The scariest thing in the Massachusetts woods right now is furry, starving, and two inches long. The state is currently suffering from a “biblical outbreak” of gypsy moth caterpillars—the largest since 1981, the Boston Globe reports.
Forests are overrun with the fuzzy monsters, which chew through entire trees. “It’s like all-out war,” Brewster resident Jeff Kilburn told the newspaper. “They have invaded and they are taking no prisoners.” (The Globe piece is highly recommended, and contains many more harrowing descriptions of the bugs, their endless, audible snacking, and the resultant showers of frass.)
This year’s boom is surprising, but may be the result of a couple of dry springs in a row, which prevented the growth of a caterpillar-killing fungal pathogen. Without that to keep them in check, the bugs have gone wild.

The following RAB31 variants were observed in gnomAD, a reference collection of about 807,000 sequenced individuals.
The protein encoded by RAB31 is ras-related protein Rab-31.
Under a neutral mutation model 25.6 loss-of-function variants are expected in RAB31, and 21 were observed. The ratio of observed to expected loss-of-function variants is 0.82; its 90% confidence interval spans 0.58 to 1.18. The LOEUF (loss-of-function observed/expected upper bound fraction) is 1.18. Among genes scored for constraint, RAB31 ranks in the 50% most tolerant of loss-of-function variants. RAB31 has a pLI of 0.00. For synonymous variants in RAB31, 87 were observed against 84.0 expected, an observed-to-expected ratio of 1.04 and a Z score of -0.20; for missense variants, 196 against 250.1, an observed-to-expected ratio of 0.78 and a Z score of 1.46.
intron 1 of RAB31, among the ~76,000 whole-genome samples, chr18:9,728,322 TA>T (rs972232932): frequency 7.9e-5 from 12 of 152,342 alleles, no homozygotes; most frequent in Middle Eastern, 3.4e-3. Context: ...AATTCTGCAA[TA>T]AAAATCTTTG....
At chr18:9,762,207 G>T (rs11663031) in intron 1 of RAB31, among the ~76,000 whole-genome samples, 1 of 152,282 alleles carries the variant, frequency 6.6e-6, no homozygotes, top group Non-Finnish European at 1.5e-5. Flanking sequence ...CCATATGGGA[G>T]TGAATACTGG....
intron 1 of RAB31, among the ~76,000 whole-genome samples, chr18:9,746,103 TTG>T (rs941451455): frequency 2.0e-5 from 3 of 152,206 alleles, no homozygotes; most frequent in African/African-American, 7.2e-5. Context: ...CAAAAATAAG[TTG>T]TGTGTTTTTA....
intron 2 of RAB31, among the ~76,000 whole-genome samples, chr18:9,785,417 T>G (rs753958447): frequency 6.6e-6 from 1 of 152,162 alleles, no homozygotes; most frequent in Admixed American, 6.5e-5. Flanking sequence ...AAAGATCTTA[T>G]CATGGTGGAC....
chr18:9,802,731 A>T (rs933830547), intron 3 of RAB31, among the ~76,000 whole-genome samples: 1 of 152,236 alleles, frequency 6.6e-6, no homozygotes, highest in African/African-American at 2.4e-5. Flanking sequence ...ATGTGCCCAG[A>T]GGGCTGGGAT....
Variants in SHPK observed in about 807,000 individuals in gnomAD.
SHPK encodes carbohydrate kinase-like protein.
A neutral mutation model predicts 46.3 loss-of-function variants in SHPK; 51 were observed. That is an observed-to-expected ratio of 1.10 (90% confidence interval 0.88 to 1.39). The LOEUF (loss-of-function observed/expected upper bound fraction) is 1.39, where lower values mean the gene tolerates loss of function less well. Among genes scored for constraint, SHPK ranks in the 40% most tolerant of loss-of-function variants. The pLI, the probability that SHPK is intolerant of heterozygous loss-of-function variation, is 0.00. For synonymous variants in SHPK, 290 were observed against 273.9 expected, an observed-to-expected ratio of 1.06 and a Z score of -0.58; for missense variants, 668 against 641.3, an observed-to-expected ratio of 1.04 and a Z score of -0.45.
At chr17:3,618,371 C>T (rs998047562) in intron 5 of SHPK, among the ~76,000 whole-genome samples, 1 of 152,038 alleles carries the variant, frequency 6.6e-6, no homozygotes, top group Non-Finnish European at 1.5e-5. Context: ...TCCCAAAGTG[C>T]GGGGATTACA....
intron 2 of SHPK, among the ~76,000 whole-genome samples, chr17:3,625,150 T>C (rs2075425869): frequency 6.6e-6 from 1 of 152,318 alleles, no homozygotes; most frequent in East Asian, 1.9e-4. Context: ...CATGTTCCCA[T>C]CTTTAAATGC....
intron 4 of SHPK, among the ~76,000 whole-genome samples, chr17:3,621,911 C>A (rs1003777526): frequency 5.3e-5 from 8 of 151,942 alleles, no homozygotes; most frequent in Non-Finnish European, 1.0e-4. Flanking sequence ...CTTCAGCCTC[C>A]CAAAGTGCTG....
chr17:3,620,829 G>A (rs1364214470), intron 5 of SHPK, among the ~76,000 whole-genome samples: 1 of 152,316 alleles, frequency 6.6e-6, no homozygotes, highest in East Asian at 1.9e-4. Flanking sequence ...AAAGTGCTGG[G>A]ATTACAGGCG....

Other parts of New England have been similarly overrun. The Hartford Courant describes a Connecticut plagued by chewed-up shade cover and house walls solid black with droppings, while the Westerly Sun tells of Rhode Island’s now-gross patios and pool decks.
The bug may even interrupt weekend celebrations: Massachusetts campers are wearing safari hats to protect themselves, and Connecticut’s Department of Energy and Environmental Protection has warned Fourth of July revelers to rethink at-home pyrotechnics, for fear of setting the stressed trees ablaze. This summer’s sound of celebration just might be that steady chewing, and the pitter patter of little bug poops.
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